May 13th, 2014
The multi-talented author Bianca Nogrady invited me to participate in this blog tour. Topic: how I write. Bianca is a science journalist who has already written two immensely readable nonfiction books (The Sixth Wave and The End) and is now working on not one but two novels of adult science fiction. I don’t know when the woman sleeps.
I’ve read sections of her novel Biohunter and love how she brings her science and medical knowledge to writing about a post-climate change world (one that is refreshingly non-apocalyptic). You can read her post here.
Now (deep breath) here are my answers:
What am I working on at the moment?
I am writing a historical novel set in Sydney in the first decade of the 1900s. It is based on the true case of a young female abortionist who was convicted of manslaughter and served out her sentence in the newly opened Long Bay Women’s Reformatory – the first reformatory of its kind in Australia. The woman, Rebecca Sinclair, was pregnant when she went to prison (and married, her husband Don was convicted of manslaughter as well). She gave birth to a daughter six months into her sentence and was able to keep that child with her in gaol.
The novel follows Rebecca from her impoverished childhood to meeting and marrying Don, who is never quite what he claims to be. Don’s mother is a known abortionist called Nurse Sinclair who advertises her services in the back of every Sydney newspaper.
I am writing the novel as part of a Doctorate of Creative Arts at UTS, under the supervision of novelist Debra Adelaide and historian Paula Hamilton.
How does my work differ from others of its genre?
The dialogue is free of dialect or a consciously historical “voice”. I find that when authors use a lot of dialect it draws attention from what the characters are saying, and while I do use some words that are no longer used, I am conscious to keep the attention on what the characters are saying rather than how they are saying it.
On the other hand, the detail in my book is meticulously researched and everything from what people wear to how trams work and what they eat and how they sew a collar, wash their clothes, and perform a backyard abortion is a crucial part of the story.
Long Bay is set during a neglected period of history. Pre-World War I and post-1880s depression, Australian society was in a state of flux. The Industrial Revolution opened up the labour market so there were more options for women, women campaigned successfully for the right to vote, fertility rates plunged as women chose voluntary rather than enforced motherhood, gaols were being reformed, and increased institutionalisation meant that there were records of the marginalised poor. Yet the options for women were still severely limited, class was still a crippling issue and shame meant many things went undiscussed and secrets were kept from even the closest family members. It is a fascinating time about which little has been written, particularly from the perspective of those in the working class.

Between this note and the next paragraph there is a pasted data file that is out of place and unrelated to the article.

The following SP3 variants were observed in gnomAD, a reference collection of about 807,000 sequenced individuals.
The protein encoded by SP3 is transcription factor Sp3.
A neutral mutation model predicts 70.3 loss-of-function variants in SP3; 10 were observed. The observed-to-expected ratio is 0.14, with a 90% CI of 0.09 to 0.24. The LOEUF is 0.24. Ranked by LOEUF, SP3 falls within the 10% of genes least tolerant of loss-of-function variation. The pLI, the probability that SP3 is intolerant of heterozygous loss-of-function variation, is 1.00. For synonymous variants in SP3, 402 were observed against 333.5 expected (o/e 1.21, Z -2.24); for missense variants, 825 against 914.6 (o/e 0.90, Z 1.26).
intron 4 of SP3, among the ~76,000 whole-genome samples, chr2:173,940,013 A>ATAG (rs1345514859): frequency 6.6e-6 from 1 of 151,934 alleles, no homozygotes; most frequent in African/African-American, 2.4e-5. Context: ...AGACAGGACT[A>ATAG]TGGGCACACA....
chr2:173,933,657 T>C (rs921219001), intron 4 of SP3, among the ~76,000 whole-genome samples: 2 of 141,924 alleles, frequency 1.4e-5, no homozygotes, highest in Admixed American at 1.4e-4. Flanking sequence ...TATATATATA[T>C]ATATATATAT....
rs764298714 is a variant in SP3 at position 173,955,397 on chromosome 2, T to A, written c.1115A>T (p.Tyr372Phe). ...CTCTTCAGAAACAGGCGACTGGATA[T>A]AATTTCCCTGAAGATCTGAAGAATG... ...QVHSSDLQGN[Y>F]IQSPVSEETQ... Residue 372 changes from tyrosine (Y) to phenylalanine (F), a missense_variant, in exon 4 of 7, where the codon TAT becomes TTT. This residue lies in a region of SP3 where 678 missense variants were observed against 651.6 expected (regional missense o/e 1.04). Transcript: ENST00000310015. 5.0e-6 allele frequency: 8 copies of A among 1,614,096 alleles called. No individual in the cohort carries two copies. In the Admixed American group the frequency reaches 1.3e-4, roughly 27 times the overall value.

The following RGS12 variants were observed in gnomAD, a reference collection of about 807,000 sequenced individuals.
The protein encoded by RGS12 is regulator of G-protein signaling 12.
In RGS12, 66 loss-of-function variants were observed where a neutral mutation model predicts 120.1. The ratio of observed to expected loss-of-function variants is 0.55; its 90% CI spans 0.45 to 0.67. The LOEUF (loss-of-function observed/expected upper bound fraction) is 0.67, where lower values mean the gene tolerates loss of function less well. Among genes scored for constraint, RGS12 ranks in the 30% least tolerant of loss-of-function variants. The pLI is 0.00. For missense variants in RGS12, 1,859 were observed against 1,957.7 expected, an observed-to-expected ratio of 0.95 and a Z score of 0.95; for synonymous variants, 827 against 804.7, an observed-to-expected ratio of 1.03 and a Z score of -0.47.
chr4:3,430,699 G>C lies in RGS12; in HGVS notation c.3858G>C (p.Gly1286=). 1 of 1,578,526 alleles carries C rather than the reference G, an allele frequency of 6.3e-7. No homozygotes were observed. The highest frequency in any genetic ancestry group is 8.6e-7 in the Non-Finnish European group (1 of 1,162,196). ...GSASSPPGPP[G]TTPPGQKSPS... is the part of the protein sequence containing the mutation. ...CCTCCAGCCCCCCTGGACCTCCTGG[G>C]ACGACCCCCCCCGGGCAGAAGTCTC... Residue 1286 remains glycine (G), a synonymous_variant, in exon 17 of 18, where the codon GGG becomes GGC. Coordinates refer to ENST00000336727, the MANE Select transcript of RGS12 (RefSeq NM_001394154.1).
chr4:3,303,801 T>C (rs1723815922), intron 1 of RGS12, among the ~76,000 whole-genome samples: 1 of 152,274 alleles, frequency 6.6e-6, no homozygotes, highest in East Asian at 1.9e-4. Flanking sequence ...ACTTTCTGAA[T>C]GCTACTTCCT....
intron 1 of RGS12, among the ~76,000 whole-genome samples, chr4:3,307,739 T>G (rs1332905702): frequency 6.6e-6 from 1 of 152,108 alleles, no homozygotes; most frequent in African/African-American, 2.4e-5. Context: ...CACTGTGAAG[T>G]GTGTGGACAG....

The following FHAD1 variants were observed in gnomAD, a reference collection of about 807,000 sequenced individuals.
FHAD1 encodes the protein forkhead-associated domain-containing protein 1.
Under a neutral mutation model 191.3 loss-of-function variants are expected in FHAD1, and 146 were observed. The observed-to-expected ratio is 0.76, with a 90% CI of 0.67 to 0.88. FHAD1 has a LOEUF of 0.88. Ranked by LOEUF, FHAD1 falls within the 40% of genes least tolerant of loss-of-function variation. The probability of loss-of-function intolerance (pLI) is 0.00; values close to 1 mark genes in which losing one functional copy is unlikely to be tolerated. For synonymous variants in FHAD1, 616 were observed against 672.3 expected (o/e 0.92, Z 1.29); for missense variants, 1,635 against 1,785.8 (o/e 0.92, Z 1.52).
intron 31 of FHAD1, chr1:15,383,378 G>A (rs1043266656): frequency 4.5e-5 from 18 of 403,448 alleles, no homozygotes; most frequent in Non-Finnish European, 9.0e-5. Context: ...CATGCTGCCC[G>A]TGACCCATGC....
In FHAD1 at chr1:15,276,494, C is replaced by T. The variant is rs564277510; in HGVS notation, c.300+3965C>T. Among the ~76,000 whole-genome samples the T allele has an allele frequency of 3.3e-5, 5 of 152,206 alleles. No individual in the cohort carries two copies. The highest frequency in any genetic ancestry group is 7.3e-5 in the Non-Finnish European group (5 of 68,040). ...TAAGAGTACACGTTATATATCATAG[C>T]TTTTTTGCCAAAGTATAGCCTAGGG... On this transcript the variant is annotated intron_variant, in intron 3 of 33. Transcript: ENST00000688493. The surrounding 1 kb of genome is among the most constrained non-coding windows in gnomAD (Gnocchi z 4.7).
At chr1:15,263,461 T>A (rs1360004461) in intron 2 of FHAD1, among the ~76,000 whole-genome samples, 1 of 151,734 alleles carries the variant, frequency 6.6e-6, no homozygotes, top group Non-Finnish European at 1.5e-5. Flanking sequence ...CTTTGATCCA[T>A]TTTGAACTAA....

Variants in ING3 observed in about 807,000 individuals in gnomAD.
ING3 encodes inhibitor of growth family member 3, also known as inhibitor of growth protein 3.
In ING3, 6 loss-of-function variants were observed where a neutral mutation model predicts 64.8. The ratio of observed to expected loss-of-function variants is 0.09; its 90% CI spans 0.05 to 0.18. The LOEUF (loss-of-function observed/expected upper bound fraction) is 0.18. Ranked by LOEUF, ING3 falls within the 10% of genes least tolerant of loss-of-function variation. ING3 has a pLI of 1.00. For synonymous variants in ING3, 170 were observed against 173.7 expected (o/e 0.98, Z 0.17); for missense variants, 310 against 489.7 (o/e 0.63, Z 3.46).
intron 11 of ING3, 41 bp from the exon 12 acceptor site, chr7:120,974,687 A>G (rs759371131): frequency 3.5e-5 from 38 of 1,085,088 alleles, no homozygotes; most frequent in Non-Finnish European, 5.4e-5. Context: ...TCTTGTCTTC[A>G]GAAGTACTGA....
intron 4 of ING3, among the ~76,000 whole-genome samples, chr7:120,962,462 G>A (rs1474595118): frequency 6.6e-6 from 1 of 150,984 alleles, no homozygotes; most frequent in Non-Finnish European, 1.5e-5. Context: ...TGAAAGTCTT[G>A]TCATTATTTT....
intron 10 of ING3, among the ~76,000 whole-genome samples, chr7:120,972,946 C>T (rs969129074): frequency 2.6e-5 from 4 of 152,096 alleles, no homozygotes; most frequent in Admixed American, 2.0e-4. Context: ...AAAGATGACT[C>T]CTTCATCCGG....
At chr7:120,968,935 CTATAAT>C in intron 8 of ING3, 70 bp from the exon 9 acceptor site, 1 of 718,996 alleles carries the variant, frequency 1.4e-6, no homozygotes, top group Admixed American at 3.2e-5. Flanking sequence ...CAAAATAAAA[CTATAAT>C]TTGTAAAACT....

Why do I write what I do?
Because I am utterly and unquestionably drawn towards it. Because it calls out to me, it wakes me up in the middle of the night, it steals into my thoughts while I’m washing dishes or walking the dog or folding the laundry. I have always been drawn to the past and so historical fiction was a natural fit for me. I love research. I could spend every day in the Mitchell Library or the State Archives, searching through boxes of old papers, waiting to find the page which helps the pieces of the past fall into place. Also because I am drawn to stories which have never been told. Stories which, because of shame or simply the passage of time, have fallen between the cracks.
How does my writing process work?
Differently now than for my first novel, What Was Left. This novel has involved much more research and I had to consciously force myself to put aside the research and write a first draft. Then I picked up the research again, looked up a few details which I had left out, and then wrote another draft. What Was Left only went through a few drafts. Possibly three? Long Bay has taken closer to five drafts. I wrote a lot of chapters this time which I ended up taking out, but still they helped. I have become less precious about this lost writing than I used to be. It is part of the discovery of character, part of the process.
The plot, however, was easier with Long Bay because it is based on real events. There was an outline, a map of sorts for me to follow. The problem was when I tried to stick too closely to this map and didn’t allow the character to lead me. The map is not the truth, the map is the court documents and newspaper reports, it was only one version of what the truth might have been. In addition to all of the written documentation, I also used a lot of old photographs to help me while writing. They gave me a way of seeing a past that I have never lived.
next in a few weeks:
I’m lucky that the superb author and lovely friend Poppy Gee has agreed to take part next in this blog tour. She has mentored me on many aspects of the writing and publishing journey and it is amazing what she has accomplished. Poppy Gee’s debut novel Bay of Fires is a murder-mystery set on Tasmania’s east coast. It was published in 2013 in the USA, UK and Australia by Little,Brown, Headline and Hachette. Poppy wrote the novel at the University of Queensland as part of a creative writing Masters Degree, for which she received the Dean’s Award for Excellence. Her second novel, another literary thriller set in a ski lodge in Tasmania’s Ben Lomond village, is currently being read by her US publisher. Poppy lives in Brisbane with her husband and two young children and is working on a murder-mystery set in Launceston in the 1830s. Visit her blog in a few weeks to see how she does it.